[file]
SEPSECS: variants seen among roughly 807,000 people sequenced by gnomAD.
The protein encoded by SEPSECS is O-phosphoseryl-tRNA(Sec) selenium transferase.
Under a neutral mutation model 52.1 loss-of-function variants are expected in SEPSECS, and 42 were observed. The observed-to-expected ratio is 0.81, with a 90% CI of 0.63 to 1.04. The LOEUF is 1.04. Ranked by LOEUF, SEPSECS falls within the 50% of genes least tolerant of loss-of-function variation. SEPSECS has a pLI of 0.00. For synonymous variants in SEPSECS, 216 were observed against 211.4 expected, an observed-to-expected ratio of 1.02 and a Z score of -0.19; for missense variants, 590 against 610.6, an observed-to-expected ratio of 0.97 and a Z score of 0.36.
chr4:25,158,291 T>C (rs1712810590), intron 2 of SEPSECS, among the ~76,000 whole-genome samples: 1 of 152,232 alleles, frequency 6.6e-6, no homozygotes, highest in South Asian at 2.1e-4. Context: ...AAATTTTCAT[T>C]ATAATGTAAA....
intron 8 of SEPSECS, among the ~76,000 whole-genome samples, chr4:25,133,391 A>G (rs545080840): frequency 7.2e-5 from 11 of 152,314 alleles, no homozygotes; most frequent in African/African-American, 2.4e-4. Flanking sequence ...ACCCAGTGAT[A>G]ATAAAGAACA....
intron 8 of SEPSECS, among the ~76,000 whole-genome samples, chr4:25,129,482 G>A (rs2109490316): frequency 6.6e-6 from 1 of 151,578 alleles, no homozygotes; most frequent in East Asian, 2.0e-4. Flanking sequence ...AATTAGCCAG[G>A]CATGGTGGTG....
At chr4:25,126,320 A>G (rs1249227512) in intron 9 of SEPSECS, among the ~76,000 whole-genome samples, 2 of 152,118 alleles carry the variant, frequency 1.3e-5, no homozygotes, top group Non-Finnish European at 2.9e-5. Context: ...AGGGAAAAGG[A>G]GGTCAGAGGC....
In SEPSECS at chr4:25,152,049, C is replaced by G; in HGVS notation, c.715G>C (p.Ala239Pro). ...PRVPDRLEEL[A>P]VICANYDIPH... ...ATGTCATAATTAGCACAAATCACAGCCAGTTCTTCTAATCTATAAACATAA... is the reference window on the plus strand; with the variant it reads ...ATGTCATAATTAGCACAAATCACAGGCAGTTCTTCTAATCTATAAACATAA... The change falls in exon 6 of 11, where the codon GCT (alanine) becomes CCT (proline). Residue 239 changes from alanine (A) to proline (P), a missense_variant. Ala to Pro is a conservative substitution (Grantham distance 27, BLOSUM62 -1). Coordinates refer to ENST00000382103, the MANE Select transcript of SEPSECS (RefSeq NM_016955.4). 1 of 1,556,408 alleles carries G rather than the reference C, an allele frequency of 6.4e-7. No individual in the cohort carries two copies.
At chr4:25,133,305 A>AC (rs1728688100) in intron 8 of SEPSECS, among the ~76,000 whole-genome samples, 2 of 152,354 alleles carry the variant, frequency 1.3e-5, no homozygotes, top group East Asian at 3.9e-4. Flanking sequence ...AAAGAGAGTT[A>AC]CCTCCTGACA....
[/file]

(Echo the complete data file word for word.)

SEPSECS: variants seen among roughly 807,000 people sequenced by gnomAD.
The protein encoded by SEPSECS is O-phosphoseryl-tRNA(Sec) selenium transferase.
Under a neutral mutation model 52.1 loss-of-function variants are expected in SEPSECS, and 42 were observed. The observed-to-expected ratio is 0.81, with a 90% CI of 0.63 to 1.04. The LOEUF is 1.04. Ranked by LOEUF, SEPSECS falls within the 50% of genes least tolerant of loss-of-function variation. SEPSECS has a pLI of 0.00. For synonymous variants in SEPSECS, 216 were observed against 211.4 expected, an observed-to-expected ratio of 1.02 and a Z score of -0.19; for missense variants, 590 against 610.6, an observed-to-expected ratio of 0.97 and a Z score of 0.36.
chr4:25,158,291 T>C (rs1712810590), intron 2 of SEPSECS, among the ~76,000 whole-genome samples: 1 of 152,232 alleles, frequency 6.6e-6, no homozygotes, highest in South Asian at 2.1e-4. Context: ...AAATTTTCAT[T>C]ATAATGTAAA....
intron 8 of SEPSECS, among the ~76,000 whole-genome samples, chr4:25,133,391 A>G (rs545080840): frequency 7.2e-5 from 11 of 152,314 alleles, no homozygotes; most frequent in African/African-American, 2.4e-4. Flanking sequence ...ACCCAGTGAT[A>G]ATAAAGAACA....
intron 8 of SEPSECS, among the ~76,000 whole-genome samples, chr4:25,129,482 G>A (rs2109490316): frequency 6.6e-6 from 1 of 151,578 alleles, no homozygotes; most frequent in East Asian, 2.0e-4. Flanking sequence ...AATTAGCCAG[G>A]CATGGTGGTG....
At chr4:25,126,320 A>G (rs1249227512) in intron 9 of SEPSECS, among the ~76,000 whole-genome samples, 2 of 152,118 alleles carry the variant, frequency 1.3e-5, no homozygotes, top group Non-Finnish European at 2.9e-5. Context: ...AGGGAAAAGG[A>G]GGTCAGAGGC....
In SEPSECS at chr4:25,152,049, C is replaced by G; in HGVS notation, c.715G>C (p.Ala239Pro). ...PRVPDRLEEL[A>P]VICANYDIPH... ...ATGTCATAATTAGCACAAATCACAGCCAGTTCTTCTAATCTATAAACATAA... is the reference window on the plus strand; with the variant it reads ...ATGTCATAATTAGCACAAATCACAGGCAGTTCTTCTAATCTATAAACATAA... The change falls in exon 6 of 11, where the codon GCT (alanine) becomes CCT (proline). Residue 239 changes from alanine (A) to proline (P), a missense_variant. Ala to Pro is a conservative substitution (Grantham distance 27, BLOSUM62 -1). Coordinates refer to ENST00000382103, the MANE Select transcript of SEPSECS (RefSeq NM_016955.4). 1 of 1,556,408 alleles carries G rather than the reference C, an allele frequency of 6.4e-7. No individual in the cohort carries two copies.
At chr4:25,133,305 A>AC (rs1728688100) in intron 8 of SEPSECS, among the ~76,000 whole-genome samples, 2 of 152,354 alleles carry the variant, frequency 1.3e-5, no homozygotes, top group East Asian at 3.9e-4. Flanking sequence ...AAAGAGAGTT[A>AC]CCTCCTGACA....